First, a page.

The Final Cut Towards the 100 Most Influential People List

by Jonathan Hobratsch (with suggestions by Pauly Deathwish)

If you ‘ve checked out my last few blogs then you’ve seen my process of narrowing hundred of influential candidates into an exclusive list of 100 people (sometimes teams of people).

The list of candidates for the remaining spots are now few enough that I can rank this small group of people and make cuts at the bottom of the list.

Many of the suggestions were offered by Pauly Deathwish.

My criteria for inclusion requires candidates to not only have groundbreaking and lasting influence, but to have an influence that goes beyond a single country or region, preferably worldwide.



Archimedes (c.287bc-c.212bc) anticipated modern calculus and analysis. He founded hydrostatics and statics. He is credited with the invention of the screw, block and pully system and the principles of the lever.

Karl Marx (1818-1883) founder of Marxism, the most influential variant of Socialism. He was also arguably the most influential critic of capitalism. His writings on class struggles, labor and inequality make him a principle architect in the field of sociology. Much of his work was buttressed by Friedrich Engels. He is considered the father of Socialism, even though the principal ideas of Socialism were expressed by thinkers who are now known as Utopian Socialists, such as Robert Owen.

Adam Smith (1723-1790) is the father of modern economics. He laid the foundation for the classical free market economic theory.

William Shakespeare (1564-1616) as the primary figure in the development of the English language into a world language. He also wrote plays that have been translated, spread, and staged across the world, even to the present day.

Julius Caesar (100bc-44bc) brought an end to the Roman Republic, allowing for the rise of the Roman Empire. Also, Julian calendar and the terms Caesar,  Czar and Kaiser.

Gautama Buddha (c.480bc-c.400bc) is the founder of Buddhism.

Gottfried Wilhelm Leibniz (1646-1716) is one of the two independent inventors of calculus. He also refined the binary system, which is currently used in computers.

Mahatma Gandhi (1869-1948) was the predominant leader of the Indian independence movement. He is probably the most recognized practitioner of nonviolent civil disobedience in history.

Louis Le Prince (1841-1890) invented the first movie camera and shot the first movies.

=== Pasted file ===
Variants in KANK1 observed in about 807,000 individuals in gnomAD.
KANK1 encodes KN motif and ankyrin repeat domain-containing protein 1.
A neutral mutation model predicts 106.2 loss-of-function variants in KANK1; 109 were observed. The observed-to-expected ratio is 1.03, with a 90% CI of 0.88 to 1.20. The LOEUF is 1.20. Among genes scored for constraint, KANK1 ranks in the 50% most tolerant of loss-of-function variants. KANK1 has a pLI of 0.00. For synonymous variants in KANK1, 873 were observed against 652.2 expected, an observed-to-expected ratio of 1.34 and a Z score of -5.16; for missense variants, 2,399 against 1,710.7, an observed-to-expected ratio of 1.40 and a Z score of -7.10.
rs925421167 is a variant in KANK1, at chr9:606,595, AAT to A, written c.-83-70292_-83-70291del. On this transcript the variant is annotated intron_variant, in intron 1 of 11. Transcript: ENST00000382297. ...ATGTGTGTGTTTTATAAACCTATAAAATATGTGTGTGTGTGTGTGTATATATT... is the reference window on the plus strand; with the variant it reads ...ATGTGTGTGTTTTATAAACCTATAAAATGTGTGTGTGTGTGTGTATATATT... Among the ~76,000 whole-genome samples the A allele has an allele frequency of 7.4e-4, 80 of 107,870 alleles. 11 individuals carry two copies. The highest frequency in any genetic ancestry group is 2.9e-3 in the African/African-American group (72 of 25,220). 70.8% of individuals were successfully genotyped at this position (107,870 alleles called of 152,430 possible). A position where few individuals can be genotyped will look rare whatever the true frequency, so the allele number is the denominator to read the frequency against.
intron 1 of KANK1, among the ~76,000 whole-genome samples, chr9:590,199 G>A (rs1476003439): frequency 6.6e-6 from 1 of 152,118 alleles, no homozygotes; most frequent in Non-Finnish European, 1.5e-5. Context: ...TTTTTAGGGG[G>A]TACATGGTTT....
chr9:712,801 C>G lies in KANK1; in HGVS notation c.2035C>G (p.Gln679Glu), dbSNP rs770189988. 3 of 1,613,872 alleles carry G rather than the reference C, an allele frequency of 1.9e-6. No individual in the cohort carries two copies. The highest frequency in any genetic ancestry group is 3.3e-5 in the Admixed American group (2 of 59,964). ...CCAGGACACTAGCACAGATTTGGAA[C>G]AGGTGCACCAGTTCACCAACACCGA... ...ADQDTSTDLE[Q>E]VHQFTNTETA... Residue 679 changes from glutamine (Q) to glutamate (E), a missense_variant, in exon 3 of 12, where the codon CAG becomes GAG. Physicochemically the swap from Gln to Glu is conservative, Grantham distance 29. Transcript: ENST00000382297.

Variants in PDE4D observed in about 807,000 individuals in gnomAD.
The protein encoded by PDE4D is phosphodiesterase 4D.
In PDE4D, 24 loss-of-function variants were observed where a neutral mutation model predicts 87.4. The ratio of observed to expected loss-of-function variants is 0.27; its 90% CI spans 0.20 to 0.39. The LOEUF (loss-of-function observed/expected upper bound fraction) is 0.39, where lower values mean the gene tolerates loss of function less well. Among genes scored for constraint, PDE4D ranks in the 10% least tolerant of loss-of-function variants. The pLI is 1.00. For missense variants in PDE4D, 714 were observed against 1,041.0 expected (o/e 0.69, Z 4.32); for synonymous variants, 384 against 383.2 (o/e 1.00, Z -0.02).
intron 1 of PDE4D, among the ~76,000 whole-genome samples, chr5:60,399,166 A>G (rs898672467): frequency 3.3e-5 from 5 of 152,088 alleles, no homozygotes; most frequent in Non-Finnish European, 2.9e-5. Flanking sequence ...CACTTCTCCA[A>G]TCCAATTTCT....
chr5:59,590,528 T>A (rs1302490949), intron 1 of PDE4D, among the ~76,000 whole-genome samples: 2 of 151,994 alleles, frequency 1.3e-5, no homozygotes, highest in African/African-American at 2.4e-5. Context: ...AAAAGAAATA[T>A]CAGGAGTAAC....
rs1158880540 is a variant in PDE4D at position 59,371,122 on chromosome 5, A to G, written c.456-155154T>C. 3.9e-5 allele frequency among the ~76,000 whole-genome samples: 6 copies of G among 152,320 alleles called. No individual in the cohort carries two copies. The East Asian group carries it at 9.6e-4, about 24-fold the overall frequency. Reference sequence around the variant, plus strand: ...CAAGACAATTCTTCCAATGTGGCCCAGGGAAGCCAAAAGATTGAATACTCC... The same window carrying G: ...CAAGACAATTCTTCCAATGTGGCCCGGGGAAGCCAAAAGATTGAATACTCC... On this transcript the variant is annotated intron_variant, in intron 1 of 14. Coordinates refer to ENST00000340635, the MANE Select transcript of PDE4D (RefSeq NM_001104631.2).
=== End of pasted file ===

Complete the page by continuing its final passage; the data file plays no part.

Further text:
Nicephore Niepce (1765-1833) invented photography.

Martin Luther King, Jr. (1929-1968) is the predominant figure in the African-American civil rights movement, and a leading inspiration for the rights of worldwide minorities. He was also, along with Gandhi, a chief practioneer of nonviolent civil disobedience.

Socrates (c.470bc-399bc) originator the Socratic method, which was an original and crucial development in the art of critical thinking. Socrates was the primary influence of Plato’s ideas.

Petrarch (1304-1374) considered the “Father of Humanism,” and arguably the single most important figure in initiating the Renaissance with his discovery of Cicero’s letters. He also sparked the popularity of sonnet poetry within his own time, and throughout much of Europe after his death.


Hammurabi (c.1810bc-1750bc) for the earliest code of laws.

Suleiman the Magnificent (1494-1566) inspired the growth of Ottoman culture and law, including Islam, which expanded into the areas that he conquered. He helped establish Islam as the second major religion in Europe and fixed Ottoman Turkish presence as the pivot between Europe and Asia cultures.

Simon Bolivar (1783-1840) established several South American countries as independent of Spanish rule. This inspired the rest of the Spanish-speaking New World to seek their own countries.

Napoleon Bonaparte (1769-1821) Ended the French Revolution and initiated the Napoleonic Wars, which culminated in the European balance of powers. Also, sold the Louisiana territory to the United States, was the inspiration of two of the most important military strategy books (one by Clausewitz and the other by Jomini), initiated modern Egyptology (resulting in the founding of the Rosetta Stone), indirectly sparked the Age of Nationalism, inspired the “Great Man Theory” of German philosophers.

Emmeline Pankhurst (1858-1925) arguably the lead activist in fighting for women’s suffrage. Her efforts helped achieve suffrage in her own country of Great Britain, and inspired similar efforts in other countries, including in the United States.